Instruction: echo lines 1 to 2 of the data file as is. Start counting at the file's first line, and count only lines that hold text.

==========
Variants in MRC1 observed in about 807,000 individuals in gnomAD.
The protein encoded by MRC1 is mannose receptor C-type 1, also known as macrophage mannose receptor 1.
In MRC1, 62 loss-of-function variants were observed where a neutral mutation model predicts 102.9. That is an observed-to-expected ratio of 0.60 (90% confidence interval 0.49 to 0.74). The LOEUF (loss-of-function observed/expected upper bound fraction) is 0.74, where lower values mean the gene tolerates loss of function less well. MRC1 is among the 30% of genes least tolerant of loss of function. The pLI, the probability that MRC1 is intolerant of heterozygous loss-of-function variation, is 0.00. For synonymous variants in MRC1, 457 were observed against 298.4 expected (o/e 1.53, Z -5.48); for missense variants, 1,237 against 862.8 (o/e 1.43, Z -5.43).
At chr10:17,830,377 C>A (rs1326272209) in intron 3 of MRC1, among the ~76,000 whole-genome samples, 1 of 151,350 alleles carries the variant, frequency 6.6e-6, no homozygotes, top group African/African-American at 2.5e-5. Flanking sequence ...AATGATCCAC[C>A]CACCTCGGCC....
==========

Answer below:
Variants in MRC1 observed in about 807,000 individuals in gnomAD.
The protein encoded by MRC1 is mannose receptor C-type 1, also known as macrophage mannose receptor 1.